Patricia Walrath, co-chair of the Legislature’s Health Care Financing Committee told the Boston Globe:

We thought this was one place where we could be a little experimental, because they are a very low-risk population.

But the Access Project thinks differently and issued a report critical of the plans. Plan co-author Stephen D’Amato says:

[T]he main purpose of insurance is to protect people in those rare instances when you have huge costs. Allowing these caps is duplicating a mistake that was made nearly 20 years ago. It’s going to destroy some lives

In a perfect world –or actually in any other OECD country– $119 per month would be enough to pay for comprehensive coverage for a young adult. Here, though, it isn’t. As a result, there’s a tradeoff between an affordable premium, coverage for routine services, and coverage for catastrophic costs.

I’ve written before about Mini-Meds –policies that offer limited coveraged, with caps much like these new Massachusetts plans. In some ways they are odious –almost the opposite of insurance– but they do provide access to the health care system and take away the worry of being saddled with $10,000 or $20,000 in medical debts. A debt like that can seem almost as catastrophic as a $1 million debt to people of limited income.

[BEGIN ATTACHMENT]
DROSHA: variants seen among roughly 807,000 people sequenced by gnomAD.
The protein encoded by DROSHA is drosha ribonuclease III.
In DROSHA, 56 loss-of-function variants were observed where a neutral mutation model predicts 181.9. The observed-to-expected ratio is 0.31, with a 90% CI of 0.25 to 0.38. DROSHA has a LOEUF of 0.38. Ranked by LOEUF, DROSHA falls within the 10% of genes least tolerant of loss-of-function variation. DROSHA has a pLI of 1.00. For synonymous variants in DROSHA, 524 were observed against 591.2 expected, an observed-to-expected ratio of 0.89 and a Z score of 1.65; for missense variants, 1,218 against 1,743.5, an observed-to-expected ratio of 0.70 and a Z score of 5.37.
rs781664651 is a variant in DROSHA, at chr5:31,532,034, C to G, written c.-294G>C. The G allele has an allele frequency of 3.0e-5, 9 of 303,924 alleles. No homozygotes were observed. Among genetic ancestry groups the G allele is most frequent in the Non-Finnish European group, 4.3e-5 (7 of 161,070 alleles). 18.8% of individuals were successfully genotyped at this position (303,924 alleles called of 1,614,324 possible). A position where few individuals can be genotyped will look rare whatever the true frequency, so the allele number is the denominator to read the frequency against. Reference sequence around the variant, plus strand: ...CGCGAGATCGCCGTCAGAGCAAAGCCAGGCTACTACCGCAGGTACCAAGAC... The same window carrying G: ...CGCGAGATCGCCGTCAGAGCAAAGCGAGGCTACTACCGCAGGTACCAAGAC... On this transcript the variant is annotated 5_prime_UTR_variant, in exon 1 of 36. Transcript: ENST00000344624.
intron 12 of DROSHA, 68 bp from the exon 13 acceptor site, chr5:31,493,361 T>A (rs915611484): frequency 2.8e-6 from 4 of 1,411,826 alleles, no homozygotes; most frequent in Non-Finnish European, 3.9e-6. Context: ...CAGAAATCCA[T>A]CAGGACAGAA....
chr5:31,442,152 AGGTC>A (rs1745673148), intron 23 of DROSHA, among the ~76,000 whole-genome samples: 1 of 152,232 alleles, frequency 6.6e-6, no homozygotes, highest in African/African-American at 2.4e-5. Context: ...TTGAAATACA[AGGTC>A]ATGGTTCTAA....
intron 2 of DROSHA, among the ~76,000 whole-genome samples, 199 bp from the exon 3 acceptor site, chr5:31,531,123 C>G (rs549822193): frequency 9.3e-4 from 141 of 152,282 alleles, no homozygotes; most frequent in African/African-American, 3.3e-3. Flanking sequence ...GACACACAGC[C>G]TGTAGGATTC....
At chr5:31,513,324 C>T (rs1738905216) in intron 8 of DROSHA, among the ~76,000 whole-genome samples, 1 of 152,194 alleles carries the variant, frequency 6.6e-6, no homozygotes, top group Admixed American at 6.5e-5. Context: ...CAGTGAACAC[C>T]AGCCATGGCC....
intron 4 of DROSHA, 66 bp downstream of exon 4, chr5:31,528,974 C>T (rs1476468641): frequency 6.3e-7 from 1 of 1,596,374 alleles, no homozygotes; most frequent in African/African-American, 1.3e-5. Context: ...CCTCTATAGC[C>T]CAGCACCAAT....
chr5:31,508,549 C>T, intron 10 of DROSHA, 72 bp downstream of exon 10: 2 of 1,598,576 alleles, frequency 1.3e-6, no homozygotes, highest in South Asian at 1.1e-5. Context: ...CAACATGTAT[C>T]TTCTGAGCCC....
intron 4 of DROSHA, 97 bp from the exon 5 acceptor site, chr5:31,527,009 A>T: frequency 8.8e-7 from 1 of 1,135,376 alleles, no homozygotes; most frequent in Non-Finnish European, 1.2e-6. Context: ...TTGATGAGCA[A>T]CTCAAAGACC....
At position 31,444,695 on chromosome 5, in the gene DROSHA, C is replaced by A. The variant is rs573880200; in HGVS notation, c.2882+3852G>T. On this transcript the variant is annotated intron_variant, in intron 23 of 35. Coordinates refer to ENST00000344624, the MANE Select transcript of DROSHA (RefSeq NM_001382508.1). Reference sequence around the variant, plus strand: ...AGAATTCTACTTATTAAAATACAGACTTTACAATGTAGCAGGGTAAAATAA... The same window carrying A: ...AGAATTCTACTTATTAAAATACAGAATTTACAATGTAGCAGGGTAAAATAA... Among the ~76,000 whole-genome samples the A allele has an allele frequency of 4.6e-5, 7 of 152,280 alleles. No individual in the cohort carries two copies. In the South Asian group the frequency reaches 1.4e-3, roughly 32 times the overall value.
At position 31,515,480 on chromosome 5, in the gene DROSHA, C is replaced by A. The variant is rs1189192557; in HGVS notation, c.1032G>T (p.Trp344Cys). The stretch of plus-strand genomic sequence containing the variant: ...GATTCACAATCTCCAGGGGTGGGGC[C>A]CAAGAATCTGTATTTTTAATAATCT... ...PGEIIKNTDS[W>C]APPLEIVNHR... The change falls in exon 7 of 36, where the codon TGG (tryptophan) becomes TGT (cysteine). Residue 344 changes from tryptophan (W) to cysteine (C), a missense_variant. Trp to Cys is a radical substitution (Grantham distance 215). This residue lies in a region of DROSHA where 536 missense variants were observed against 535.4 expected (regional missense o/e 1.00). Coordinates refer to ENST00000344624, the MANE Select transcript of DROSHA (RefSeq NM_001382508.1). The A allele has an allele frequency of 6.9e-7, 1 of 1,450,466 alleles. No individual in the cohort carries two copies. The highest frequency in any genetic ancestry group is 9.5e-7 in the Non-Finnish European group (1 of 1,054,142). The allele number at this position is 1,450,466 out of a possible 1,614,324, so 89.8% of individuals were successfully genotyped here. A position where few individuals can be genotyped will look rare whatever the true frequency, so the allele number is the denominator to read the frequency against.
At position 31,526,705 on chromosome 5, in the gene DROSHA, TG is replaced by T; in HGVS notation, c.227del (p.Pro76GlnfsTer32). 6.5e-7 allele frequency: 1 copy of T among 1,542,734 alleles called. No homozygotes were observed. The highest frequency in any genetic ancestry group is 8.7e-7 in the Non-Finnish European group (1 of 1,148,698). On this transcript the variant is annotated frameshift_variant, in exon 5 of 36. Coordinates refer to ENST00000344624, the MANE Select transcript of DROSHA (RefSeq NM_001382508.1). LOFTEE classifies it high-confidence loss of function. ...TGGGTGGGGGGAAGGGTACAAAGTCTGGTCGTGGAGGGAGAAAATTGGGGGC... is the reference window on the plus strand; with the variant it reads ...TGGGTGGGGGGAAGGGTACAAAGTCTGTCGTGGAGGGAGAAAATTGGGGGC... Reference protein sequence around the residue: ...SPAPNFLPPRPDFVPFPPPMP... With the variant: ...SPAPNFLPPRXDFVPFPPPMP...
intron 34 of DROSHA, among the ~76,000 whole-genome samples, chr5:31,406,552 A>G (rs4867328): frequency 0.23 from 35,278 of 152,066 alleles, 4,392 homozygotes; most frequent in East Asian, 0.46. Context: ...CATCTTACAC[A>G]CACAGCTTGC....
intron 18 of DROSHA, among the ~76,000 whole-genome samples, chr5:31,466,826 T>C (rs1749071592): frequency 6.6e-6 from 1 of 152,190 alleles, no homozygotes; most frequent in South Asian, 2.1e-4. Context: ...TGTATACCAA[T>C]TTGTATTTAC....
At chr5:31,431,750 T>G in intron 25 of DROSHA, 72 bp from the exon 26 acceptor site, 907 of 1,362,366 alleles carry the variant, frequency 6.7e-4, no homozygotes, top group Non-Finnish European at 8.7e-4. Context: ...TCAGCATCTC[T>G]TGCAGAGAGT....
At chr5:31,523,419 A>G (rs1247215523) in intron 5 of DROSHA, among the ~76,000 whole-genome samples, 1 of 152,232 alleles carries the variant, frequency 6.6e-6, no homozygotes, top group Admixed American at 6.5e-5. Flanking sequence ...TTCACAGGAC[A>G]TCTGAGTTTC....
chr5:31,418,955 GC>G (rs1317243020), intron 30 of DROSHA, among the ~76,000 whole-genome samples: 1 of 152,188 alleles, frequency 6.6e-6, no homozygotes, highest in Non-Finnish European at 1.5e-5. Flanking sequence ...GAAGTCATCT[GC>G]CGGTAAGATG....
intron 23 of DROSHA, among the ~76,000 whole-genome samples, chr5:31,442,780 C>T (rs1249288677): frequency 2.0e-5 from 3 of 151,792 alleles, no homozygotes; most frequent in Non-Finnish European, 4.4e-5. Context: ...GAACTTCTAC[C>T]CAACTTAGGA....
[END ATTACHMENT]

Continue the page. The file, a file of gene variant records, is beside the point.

I don’t object to the capped plans for young adults. First, keeping the premiums somewhat reasonable will increase compliance with the mandate and increase the attractiveness of living in this state. Second, if debts get too high there’s always bankruptcy protection. Young adults have time to start over and since the hospitals will have such a high percentage of insured patients they should be able to suck up some of the losses without whining too much.

When a $0 copay is too high

published date
May 9th, 2007 by